Car Ownership Vs. Car Leasing – Whats Best In Retirement?

Financial Blogs across the internet have long discussed whether you should be buying or leasing a car. Twenty years ago, if you wanted a new car, you’d probably have stump up the full amount in cash. There was the option to lease, but due to interest rates being so hire, the cost of repayments made no sense. Today, there’re a few different credit packages from Long-term leases to personal credit purchase (PCP).

The key reason for the question, is down the financial crisis of 2008 which has led to a huge reduction in interest rates and therefore a major reduction in the repayments. On the downside, it’s meant people now have access to better and more expensive car’s that usually they would not be able to afford, but on the upside, there’re some very good deals floating around.

Buying VS Leasing

Personally, it really depends on how much you’re actually going to use the car in the first place and more importantly, what you’re going to use it for. I have friends in London with a £50K BMW sat on the driveway depreciating in value each day. They use at best once a week and usually simply to drive to lunch at the weekend. Does it really make sense?

According to statistics, buying a car is the second biggest expense after buying a house. Remember, this is buying or leasing a car in retirement, not when you’re trying to get to retirement. When your saving money to retire, it makes no sense other than buying a car and running it into the ground. Personally, we’ve bought two cars, both were a year old when I purchased them and come with low miles.

Realistically they will be problem free for the next ten years and should last 15 years before they need to be replaced. For two £25,000 cars, this makes good financial sense, but I would hate to be in my late 70’s and have a problem with car or be running around trying to buy a newer car. Buying cars works for my family, but rather than making a decision, we’re going to look at the Pro’s and Con’s of each and let you decide.

Buying A Car

Buying a car is expensive and many people usually go straight to the second hand market, particularly when it is so easy nowadays to find a bargain online. If your mind is set on buying a brand new car, you may be looking at getting a loan or getting on a financial plan. Whichever way you decide to go the car will be yours to do with it as you wish.

Pro’s Of Buying A Car

  • Once you have paid off your car loan you no longer have monthly payments to make. The car is all yours.
  • If you buy a car, it’s your car to do what you wish; within legal parameters.
  • You can trade it for another car or you can sell it for the money.
  • In time buying a car will cost less than leasing a car.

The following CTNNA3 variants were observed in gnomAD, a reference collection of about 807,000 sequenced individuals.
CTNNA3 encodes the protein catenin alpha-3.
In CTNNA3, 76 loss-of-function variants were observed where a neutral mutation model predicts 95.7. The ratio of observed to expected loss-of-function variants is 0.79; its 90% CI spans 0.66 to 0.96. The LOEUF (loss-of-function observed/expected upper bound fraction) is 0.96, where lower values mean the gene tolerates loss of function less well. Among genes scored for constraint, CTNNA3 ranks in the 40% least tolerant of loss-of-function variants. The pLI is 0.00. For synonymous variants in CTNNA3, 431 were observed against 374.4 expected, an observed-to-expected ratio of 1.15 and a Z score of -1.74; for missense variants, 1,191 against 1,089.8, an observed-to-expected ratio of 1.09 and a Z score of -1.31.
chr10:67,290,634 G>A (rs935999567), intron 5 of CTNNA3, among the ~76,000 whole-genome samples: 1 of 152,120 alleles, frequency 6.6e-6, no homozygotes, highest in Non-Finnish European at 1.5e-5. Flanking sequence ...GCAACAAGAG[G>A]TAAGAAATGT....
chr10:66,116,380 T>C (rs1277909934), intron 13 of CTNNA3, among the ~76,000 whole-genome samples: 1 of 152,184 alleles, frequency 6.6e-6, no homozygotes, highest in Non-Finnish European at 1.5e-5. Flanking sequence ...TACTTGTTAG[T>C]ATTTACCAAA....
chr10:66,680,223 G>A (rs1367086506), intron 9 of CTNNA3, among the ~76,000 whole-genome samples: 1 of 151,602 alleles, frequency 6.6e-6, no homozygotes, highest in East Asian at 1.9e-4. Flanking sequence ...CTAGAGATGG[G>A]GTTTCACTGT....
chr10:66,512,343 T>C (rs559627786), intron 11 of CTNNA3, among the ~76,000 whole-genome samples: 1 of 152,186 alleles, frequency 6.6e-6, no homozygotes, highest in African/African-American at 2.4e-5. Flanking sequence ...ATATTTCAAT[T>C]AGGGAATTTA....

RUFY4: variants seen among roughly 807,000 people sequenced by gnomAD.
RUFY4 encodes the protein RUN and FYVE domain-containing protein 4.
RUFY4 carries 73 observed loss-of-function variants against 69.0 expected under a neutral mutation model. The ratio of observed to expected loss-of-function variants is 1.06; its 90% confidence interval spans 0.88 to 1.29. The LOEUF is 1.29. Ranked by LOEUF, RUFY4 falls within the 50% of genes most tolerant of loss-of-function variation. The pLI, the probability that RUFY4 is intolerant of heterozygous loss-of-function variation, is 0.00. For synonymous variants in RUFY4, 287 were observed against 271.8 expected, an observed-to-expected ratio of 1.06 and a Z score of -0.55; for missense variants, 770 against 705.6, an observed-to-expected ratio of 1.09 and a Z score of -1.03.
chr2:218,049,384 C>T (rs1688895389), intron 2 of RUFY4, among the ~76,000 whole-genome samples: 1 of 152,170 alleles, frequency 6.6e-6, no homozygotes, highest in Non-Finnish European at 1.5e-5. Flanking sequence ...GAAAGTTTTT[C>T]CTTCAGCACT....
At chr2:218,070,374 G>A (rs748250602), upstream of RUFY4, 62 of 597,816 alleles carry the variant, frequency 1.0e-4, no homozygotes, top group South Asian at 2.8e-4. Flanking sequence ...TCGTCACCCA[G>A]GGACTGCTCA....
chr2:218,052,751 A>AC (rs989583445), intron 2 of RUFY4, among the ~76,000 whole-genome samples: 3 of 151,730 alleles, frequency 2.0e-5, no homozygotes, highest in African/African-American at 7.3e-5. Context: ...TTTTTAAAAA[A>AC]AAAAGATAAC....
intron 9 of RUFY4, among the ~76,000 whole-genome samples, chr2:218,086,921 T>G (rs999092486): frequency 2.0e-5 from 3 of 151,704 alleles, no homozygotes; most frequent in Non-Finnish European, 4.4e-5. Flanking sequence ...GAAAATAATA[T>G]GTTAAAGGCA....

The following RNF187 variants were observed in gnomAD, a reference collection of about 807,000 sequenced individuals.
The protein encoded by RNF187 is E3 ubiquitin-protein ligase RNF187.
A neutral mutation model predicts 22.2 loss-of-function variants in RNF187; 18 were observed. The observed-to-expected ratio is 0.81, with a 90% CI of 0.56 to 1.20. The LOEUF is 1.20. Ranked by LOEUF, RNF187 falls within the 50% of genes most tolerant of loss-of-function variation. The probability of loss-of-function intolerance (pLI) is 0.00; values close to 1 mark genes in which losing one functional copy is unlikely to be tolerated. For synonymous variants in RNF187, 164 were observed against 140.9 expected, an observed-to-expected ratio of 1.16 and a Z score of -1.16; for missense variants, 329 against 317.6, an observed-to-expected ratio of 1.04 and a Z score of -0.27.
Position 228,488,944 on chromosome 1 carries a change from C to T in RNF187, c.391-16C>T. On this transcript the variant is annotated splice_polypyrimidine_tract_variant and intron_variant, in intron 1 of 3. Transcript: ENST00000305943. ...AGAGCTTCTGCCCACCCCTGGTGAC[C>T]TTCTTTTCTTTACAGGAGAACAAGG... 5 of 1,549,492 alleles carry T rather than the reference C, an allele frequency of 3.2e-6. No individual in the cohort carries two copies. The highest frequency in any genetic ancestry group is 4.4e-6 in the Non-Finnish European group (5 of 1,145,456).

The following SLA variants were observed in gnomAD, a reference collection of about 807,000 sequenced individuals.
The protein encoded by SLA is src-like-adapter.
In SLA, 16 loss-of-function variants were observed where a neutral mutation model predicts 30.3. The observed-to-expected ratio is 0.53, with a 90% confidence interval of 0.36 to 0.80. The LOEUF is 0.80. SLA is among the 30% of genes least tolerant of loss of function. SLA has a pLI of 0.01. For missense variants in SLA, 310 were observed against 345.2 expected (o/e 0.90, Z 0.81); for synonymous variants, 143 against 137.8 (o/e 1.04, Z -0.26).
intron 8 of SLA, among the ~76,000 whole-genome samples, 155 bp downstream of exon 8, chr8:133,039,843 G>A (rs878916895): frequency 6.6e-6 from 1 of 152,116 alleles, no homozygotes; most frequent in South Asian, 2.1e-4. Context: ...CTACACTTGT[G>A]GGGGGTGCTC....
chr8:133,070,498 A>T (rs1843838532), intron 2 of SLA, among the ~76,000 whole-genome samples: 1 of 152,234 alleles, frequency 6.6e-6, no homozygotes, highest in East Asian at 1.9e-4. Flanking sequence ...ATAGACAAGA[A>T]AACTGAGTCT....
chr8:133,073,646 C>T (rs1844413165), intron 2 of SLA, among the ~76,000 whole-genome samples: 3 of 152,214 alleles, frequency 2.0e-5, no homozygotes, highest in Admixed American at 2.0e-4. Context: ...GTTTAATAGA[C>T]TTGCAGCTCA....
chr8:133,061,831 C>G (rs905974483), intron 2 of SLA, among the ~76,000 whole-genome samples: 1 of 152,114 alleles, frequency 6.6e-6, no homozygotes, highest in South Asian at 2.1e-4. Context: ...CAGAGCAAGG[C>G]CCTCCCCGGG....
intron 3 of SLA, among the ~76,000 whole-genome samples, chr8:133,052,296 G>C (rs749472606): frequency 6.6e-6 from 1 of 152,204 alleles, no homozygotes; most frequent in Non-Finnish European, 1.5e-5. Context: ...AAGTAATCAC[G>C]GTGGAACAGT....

Con’s Of Buying A Car

  • You initially need to pay a lot more money. Even if you take out a loan or buy the car on a finance plan you will probably be paying more per month than on a lease.
  • Though you always have the option of selling your car, its value will start depreciating as soon as you buy it.
  • The car often becomes more expensive after its warranty has expired.

Leasing A Car

Leasing a car is pretty much renting out a car on a long term basis. You’ll have to put down a deposit in the beginning, but in the short term it is the cheaper option

Pro’s of Leasing a Car

  • While it costs you more to lease a car over time, it is a lot cheaper in the short term. That means you could afford to lease out a much nicer model than you could buy.
  • Tax breaks maybe available if you use the lease car for work.
  • You can change your car with the company for better model at any time.
  • The car is always under warranty.

Con’s Of Leasing A Car

  • Just think how difficult it is to broke a mobile phone contract. A car lease is the same except it is a lot more expensive. Can be a problem when you are finally ready to buy, but still have 18 months left on your lease contract.
  • Need a stable job to lease a car. If you lose your job or your business has a bad few months at the leasing company will still expect you to pay for the car.
  • You are expected to maintain it properly.
  • There will probably be lots of terms and conditions in the contract that require you to pay a fine if you break them. is written by David Jacobs who is on a quest to retire early and get out of the rat race. David is a financial expert who lives for early retirement. Follow his journey making money, saving and investing to retire early and get the best out of his retirement.

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